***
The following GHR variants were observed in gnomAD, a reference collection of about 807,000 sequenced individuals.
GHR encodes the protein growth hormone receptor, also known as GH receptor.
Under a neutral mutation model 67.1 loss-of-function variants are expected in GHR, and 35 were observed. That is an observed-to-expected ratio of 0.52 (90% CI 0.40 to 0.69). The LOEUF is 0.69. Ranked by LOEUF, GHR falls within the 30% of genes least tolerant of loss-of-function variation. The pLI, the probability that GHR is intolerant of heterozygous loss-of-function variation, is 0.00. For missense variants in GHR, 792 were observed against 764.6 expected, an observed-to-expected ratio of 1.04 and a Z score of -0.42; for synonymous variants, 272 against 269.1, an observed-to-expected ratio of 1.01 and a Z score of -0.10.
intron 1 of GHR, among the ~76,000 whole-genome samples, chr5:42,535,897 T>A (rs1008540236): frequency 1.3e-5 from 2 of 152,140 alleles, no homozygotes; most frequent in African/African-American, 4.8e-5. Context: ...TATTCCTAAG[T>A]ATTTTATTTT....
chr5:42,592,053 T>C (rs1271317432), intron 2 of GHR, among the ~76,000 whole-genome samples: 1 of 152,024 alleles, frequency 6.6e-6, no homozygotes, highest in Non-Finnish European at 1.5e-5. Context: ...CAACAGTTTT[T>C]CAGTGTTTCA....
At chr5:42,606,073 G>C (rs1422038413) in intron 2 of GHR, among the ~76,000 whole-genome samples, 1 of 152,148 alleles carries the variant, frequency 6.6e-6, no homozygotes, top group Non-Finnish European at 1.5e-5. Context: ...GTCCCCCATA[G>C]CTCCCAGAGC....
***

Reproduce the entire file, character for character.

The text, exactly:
The following GHR variants were observed in gnomAD, a reference collection of about 807,000 sequenced individuals.
GHR encodes the protein growth hormone receptor, also known as GH receptor.
Under a neutral mutation model 67.1 loss-of-function variants are expected in GHR, and 35 were observed. That is an observed-to-expected ratio of 0.52 (90% CI 0.40 to 0.69). The LOEUF is 0.69. Ranked by LOEUF, GHR falls within the 30% of genes least tolerant of loss-of-function variation. The pLI, the probability that GHR is intolerant of heterozygous loss-of-function variation, is 0.00. For missense variants in GHR, 792 were observed against 764.6 expected, an observed-to-expected ratio of 1.04 and a Z score of -0.42; for synonymous variants, 272 against 269.1, an observed-to-expected ratio of 1.01 and a Z score of -0.10.
intron 1 of GHR, among the ~76,000 whole-genome samples, chr5:42,535,897 T>A (rs1008540236): frequency 1.3e-5 from 2 of 152,140 alleles, no homozygotes; most frequent in African/African-American, 4.8e-5. Context: ...TATTCCTAAG[T>A]ATTTTATTTT....
chr5:42,592,053 T>C (rs1271317432), intron 2 of GHR, among the ~76,000 whole-genome samples: 1 of 152,024 alleles, frequency 6.6e-6, no homozygotes, highest in Non-Finnish European at 1.5e-5. Context: ...CAACAGTTTT[T>C]CAGTGTTTCA....
At chr5:42,606,073 G>C (rs1422038413) in intron 2 of GHR, among the ~76,000 whole-genome samples, 1 of 152,148 alleles carries the variant, frequency 6.6e-6, no homozygotes, top group Non-Finnish European at 1.5e-5. Context: ...GTCCCCCATA[G>C]CTCCCAGAGC....